Researchers from the Geospatial Engineering group (Alistair Ford, Daniel Caparos-Midwood, Shaun Brown) recently attended the Urban Integration conference in Sheffield which marked the end of the EU Cost Action on Integrated Assessment of Climate Change (link). This cost action was led by Prof Richard Dawson, also of the School of Civil Engineering and Geosciences, and aimed at bringing together practicioners from across Europe who are looking at the problems facing cities in an integrated way.
A number of topics were addressed across a broad range of fields, but papers of particular interest to geospatial engineers included Jonathan Kohler (Fraunhofer Institute) on why we need urban models and what characteristics they possess (e.g. simplifying reality, explicitly stating theories and assumptions, simulating future scenarios), Christoph Reinhart from the MIT Sustainable Design Lab on the combination of Building Performance Simulation with other urban models in the Urban Modelling Interface (urbanmodeling.net) and Reinhard Koning from ETH Zurich (check!) who presented his simulation integration platform which allows the combination of model outputs to form an urban planning support system using big data to understand the urban system and find high suitability areas for sustainable development.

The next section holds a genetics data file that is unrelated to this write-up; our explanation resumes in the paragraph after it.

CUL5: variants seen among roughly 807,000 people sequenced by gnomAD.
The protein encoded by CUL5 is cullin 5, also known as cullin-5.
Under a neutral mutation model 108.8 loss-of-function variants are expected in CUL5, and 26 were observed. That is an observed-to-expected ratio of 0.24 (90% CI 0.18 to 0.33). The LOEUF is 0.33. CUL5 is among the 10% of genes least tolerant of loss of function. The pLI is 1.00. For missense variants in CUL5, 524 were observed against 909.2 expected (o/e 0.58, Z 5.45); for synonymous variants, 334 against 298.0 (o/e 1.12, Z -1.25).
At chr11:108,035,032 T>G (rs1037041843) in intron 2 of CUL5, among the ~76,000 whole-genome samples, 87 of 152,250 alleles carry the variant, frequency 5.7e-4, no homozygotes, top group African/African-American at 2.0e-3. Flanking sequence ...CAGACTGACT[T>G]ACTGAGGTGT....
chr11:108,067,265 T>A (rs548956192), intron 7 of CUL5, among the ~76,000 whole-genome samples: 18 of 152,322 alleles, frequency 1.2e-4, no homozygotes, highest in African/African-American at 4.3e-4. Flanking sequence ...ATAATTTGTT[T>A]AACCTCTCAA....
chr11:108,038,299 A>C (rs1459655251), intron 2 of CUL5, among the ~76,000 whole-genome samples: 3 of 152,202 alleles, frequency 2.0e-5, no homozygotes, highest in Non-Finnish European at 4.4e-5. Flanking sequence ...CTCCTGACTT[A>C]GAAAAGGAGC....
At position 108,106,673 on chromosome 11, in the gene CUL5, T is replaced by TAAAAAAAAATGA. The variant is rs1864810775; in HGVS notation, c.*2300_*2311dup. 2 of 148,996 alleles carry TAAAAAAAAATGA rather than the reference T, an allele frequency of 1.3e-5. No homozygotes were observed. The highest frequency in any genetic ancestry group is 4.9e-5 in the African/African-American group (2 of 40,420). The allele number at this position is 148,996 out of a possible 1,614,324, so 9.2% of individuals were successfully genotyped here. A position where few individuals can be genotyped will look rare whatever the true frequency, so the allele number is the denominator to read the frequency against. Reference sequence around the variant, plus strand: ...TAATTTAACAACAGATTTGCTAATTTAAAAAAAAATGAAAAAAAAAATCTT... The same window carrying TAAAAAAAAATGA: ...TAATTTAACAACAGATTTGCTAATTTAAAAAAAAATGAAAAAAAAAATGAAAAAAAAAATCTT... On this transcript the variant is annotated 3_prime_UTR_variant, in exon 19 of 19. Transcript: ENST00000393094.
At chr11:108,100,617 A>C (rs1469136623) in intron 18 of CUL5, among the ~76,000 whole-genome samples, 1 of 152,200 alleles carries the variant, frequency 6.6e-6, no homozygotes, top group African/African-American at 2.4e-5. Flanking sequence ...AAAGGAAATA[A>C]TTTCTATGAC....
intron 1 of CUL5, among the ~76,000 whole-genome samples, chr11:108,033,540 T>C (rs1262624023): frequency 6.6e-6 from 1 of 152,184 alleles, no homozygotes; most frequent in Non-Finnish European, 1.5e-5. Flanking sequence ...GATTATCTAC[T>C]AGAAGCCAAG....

Other interesting research projects included the iGuess project (link) from the Henri Tudor Institute in Luxembourg, presented by Ulrich Leopold, which is an open-source platform in a database-driven web-based modular framework for performing urban simulations and Vincent Viguie from CIRED in Paris who showed his model of urban growth, NEDUM, linked to the Town Energy Balance (TEB) urban climate model (link) to assess heatwaves and associated health effects (and that even demolishing 10% of Paris’ buildings to create parks will have little effect on urban temperatures!
The conference was a great success and a fitting end to the COST Action.